I’ve just returned from four days at the Bread Loaf, Vermont campus of Middlebury College, where I was one of twenty-two writers teaching at the New England Young Writers Conference. It was my first time at this annual event, and it was an amazing experience, working with talented high-school-aged writers from all over New England. I can’t remember the last time I had so much fun in a gathering with other writers, or felt so humbled by the talent around me (and I’m referring as much to the students as to the professionals).
It was also the nicest, most welcoming bunch of people I’ve met in years. It rained the whole time I was there, but I didn’t see a frown all weekend. Though I was the only science fiction writer among poets, nonfiction writers, and young adult and mainstream fiction writers, I felt completely at home—more at home than I sometimes feel at SF gatherings. I’ll remember with pleasure both the adult friends I made and the group of kids I worked with, and for that matter the girls who came over at the dance and asked me to join their group on the dance floor, “because only the kids are dancing, and if you dance with us, maybe the other adults will join in.” And they were right—all the grups in the place heaved themselves up and we danced the night away.
I was invited to bring my family along, and my younger daughter came with me, diving right into the workshops and making friends with other kids, despite being a couple of years younger than most of them. They’re already emailing each other back and forth. And though older daughter didn’t come*, one of her friends from school turned out to be there.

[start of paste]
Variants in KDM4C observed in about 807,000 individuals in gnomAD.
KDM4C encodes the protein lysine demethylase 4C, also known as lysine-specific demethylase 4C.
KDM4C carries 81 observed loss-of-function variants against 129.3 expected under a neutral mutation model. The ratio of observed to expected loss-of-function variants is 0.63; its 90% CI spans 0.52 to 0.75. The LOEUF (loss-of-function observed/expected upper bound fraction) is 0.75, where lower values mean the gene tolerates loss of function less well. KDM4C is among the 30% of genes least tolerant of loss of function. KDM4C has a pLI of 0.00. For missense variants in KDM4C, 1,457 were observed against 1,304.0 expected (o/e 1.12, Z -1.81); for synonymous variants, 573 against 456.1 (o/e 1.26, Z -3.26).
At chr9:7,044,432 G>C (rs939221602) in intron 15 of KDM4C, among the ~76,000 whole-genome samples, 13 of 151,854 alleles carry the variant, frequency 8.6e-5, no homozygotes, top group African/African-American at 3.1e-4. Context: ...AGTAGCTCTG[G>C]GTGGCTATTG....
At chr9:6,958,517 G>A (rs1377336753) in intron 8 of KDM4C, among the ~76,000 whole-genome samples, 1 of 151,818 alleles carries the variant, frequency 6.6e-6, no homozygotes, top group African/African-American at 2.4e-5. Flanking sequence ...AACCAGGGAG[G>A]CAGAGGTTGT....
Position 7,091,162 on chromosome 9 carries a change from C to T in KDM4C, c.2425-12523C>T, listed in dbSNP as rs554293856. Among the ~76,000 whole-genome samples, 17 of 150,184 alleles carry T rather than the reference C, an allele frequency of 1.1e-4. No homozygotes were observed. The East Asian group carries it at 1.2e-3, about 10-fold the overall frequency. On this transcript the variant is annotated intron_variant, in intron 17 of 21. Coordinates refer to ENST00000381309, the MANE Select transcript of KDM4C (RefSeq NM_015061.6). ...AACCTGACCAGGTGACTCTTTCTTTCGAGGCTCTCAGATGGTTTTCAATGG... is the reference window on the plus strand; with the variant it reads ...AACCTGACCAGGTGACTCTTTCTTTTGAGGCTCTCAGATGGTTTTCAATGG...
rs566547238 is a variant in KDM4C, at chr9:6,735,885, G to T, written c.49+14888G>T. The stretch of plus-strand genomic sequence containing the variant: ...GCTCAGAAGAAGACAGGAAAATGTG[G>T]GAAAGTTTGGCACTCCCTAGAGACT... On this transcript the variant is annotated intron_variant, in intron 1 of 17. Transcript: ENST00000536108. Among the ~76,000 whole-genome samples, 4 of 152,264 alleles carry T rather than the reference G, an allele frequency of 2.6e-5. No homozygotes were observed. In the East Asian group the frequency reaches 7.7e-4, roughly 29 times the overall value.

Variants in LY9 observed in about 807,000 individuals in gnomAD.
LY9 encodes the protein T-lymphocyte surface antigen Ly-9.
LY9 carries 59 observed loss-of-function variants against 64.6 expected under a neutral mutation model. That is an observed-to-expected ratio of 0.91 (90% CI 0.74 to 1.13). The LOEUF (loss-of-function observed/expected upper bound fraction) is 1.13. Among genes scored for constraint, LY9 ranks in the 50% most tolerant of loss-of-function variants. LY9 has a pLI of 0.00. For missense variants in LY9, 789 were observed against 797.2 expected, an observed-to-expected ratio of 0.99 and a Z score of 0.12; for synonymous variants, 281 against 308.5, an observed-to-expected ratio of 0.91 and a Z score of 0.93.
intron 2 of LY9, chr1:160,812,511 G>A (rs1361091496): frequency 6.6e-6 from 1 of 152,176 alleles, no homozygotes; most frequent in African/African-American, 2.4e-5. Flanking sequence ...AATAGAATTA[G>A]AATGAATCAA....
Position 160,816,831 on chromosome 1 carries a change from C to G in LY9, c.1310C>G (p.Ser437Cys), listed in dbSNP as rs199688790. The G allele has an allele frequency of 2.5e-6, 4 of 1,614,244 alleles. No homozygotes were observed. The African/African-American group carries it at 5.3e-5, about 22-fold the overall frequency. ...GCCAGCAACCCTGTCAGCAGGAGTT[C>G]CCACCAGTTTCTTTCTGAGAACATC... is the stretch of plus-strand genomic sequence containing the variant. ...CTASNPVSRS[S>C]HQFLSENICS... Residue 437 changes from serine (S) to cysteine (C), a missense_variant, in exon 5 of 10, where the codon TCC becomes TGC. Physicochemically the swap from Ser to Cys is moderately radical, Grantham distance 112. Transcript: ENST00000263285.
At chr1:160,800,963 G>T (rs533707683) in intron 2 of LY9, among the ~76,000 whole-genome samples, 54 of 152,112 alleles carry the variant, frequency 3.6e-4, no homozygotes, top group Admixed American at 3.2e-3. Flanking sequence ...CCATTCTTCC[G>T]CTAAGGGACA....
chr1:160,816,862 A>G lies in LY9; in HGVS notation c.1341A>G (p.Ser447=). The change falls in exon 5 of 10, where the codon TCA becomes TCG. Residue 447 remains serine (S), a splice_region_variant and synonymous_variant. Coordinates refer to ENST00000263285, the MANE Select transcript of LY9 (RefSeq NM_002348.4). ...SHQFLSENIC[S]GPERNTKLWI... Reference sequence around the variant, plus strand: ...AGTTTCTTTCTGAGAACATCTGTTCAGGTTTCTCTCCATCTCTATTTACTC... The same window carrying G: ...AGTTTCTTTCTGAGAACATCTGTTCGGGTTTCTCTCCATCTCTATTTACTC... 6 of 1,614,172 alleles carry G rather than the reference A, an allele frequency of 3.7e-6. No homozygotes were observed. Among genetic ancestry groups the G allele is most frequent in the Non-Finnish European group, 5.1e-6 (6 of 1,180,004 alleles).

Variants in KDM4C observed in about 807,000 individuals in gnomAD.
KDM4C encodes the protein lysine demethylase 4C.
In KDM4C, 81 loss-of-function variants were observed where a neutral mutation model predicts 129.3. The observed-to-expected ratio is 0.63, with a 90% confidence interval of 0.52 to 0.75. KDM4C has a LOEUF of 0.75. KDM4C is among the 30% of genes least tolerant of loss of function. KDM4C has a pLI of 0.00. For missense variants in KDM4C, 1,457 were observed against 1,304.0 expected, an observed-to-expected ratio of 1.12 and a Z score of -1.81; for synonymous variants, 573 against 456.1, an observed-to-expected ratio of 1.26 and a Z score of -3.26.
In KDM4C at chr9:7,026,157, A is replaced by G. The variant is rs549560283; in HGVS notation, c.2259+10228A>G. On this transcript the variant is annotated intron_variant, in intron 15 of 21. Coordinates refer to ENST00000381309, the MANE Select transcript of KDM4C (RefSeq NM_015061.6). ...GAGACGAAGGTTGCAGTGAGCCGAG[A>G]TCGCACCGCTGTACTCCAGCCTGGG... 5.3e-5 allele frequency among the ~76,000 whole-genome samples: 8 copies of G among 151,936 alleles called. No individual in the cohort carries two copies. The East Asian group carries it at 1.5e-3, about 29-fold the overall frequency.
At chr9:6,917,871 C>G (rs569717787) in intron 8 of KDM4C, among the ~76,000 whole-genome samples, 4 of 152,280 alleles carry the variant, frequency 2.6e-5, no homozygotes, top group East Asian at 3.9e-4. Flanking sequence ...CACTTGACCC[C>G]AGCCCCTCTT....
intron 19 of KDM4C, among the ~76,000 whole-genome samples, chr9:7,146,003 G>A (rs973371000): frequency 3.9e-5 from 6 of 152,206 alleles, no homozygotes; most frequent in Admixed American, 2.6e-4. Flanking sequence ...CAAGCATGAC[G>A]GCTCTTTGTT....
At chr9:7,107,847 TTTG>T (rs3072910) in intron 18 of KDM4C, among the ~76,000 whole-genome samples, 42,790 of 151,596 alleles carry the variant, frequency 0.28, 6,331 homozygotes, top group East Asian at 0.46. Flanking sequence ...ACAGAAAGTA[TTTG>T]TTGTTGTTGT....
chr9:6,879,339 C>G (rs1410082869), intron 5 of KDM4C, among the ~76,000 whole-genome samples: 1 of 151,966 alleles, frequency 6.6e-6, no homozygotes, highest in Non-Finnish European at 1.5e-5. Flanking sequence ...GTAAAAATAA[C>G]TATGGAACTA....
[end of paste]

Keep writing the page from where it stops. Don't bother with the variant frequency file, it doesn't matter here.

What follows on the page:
One reason I’m going on about this is that I want to get the word out that this is a terrific event. If you’re a high-school aged writer or know one or teach one, check it out at http://community.middlebury.edu/~neywc/. (The web site is a bit pedestrian, but it’s maintained by the college, not the conference staff. It doesn’t do the event justice.)
*Older daughter opted to stay home to go to the prom, taking the opportunity to get her hair cut in a Mohawk. Oy. I’ll say, though—after looking at the prom pictures of her friends in wild and colorful hair styles, and noting that most of the kids didn’t bother with dates but just went with friends—that they seemed to have a much better idea of how to have fun than I did at that age.